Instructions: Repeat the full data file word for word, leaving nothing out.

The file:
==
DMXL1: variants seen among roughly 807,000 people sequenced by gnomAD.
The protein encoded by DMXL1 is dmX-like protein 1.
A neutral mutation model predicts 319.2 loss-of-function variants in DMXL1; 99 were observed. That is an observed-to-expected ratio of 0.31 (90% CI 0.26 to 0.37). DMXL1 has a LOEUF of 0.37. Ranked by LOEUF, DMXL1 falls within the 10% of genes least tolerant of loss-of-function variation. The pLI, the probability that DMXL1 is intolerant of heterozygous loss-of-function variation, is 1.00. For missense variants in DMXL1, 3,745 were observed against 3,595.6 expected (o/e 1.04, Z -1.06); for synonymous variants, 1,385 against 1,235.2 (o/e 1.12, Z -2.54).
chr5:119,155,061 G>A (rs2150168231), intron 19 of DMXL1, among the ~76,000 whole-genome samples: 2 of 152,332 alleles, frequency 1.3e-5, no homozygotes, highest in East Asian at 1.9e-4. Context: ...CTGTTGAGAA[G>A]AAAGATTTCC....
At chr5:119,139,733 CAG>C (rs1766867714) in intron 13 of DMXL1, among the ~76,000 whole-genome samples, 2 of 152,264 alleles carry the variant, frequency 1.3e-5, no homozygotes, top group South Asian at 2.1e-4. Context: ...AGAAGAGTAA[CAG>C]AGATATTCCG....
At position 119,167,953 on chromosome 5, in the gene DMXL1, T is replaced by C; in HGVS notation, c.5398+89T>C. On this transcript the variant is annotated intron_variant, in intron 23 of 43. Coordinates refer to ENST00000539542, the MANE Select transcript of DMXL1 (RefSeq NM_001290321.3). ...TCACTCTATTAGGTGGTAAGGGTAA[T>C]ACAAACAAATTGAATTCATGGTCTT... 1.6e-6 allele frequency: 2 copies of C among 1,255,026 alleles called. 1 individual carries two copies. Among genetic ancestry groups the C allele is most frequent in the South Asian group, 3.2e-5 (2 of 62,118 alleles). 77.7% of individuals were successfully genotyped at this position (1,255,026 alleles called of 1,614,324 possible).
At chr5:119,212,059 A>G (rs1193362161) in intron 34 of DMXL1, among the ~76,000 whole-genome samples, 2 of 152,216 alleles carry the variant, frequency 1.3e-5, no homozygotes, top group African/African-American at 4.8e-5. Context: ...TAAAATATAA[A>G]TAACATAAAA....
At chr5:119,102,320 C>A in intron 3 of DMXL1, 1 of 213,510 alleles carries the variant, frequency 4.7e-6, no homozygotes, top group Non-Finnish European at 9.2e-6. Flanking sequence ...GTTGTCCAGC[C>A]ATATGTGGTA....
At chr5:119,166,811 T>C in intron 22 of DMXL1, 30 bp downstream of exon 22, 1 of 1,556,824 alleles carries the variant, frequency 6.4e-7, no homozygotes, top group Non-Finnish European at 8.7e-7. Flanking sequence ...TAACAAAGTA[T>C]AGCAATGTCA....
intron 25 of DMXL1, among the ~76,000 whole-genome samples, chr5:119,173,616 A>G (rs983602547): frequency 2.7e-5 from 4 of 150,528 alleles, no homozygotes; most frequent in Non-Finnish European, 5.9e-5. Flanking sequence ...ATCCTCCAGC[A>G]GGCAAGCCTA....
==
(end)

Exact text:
DMXL1: variants seen among roughly 807,000 people sequenced by gnomAD.
The protein encoded by DMXL1 is dmX-like protein 1.
A neutral mutation model predicts 319.2 loss-of-function variants in DMXL1; 99 were observed. That is an observed-to-expected ratio of 0.31 (90% CI 0.26 to 0.37). DMXL1 has a LOEUF of 0.37. Ranked by LOEUF, DMXL1 falls within the 10% of genes least tolerant of loss-of-function variation. The pLI, the probability that DMXL1 is intolerant of heterozygous loss-of-function variation, is 1.00. For missense variants in DMXL1, 3,745 were observed against 3,595.6 expected (o/e 1.04, Z -1.06); for synonymous variants, 1,385 against 1,235.2 (o/e 1.12, Z -2.54).
chr5:119,155,061 G>A (rs2150168231), intron 19 of DMXL1, among the ~76,000 whole-genome samples: 2 of 152,332 alleles, frequency 1.3e-5, no homozygotes, highest in East Asian at 1.9e-4. Context: ...CTGTTGAGAA[G>A]AAAGATTTCC....
At chr5:119,139,733 CAG>C (rs1766867714) in intron 13 of DMXL1, among the ~76,000 whole-genome samples, 2 of 152,264 alleles carry the variant, frequency 1.3e-5, no homozygotes, top group South Asian at 2.1e-4. Context: ...AGAAGAGTAA[CAG>C]AGATATTCCG....
At position 119,167,953 on chromosome 5, in the gene DMXL1, T is replaced by C; in HGVS notation, c.5398+89T>C. On this transcript the variant is annotated intron_variant, in intron 23 of 43. Coordinates refer to ENST00000539542, the MANE Select transcript of DMXL1 (RefSeq NM_001290321.3). ...TCACTCTATTAGGTGGTAAGGGTAA[T>C]ACAAACAAATTGAATTCATGGTCTT... 1.6e-6 allele frequency: 2 copies of C among 1,255,026 alleles called. 1 individual carries two copies. Among genetic ancestry groups the C allele is most frequent in the South Asian group, 3.2e-5 (2 of 62,118 alleles). 77.7% of individuals were successfully genotyped at this position (1,255,026 alleles called of 1,614,324 possible).
At chr5:119,212,059 A>G (rs1193362161) in intron 34 of DMXL1, among the ~76,000 whole-genome samples, 2 of 152,216 alleles carry the variant, frequency 1.3e-5, no homozygotes, top group African/African-American at 4.8e-5. Context: ...TAAAATATAA[A>G]TAACATAAAA....
At chr5:119,102,320 C>A in intron 3 of DMXL1, 1 of 213,510 alleles carries the variant, frequency 4.7e-6, no homozygotes, top group Non-Finnish European at 9.2e-6. Flanking sequence ...GTTGTCCAGC[C>A]ATATGTGGTA....
At chr5:119,166,811 T>C in intron 22 of DMXL1, 30 bp downstream of exon 22, 1 of 1,556,824 alleles carries the variant, frequency 6.4e-7, no homozygotes, top group Non-Finnish European at 8.7e-7. Flanking sequence ...TAACAAAGTA[T>C]AGCAATGTCA....
intron 25 of DMXL1, among the ~76,000 whole-genome samples, chr5:119,173,616 A>G (rs983602547): frequency 2.7e-5 from 4 of 150,528 alleles, no homozygotes; most frequent in Non-Finnish European, 5.9e-5. Flanking sequence ...ATCCTCCAGC[A>G]GGCAAGCCTA....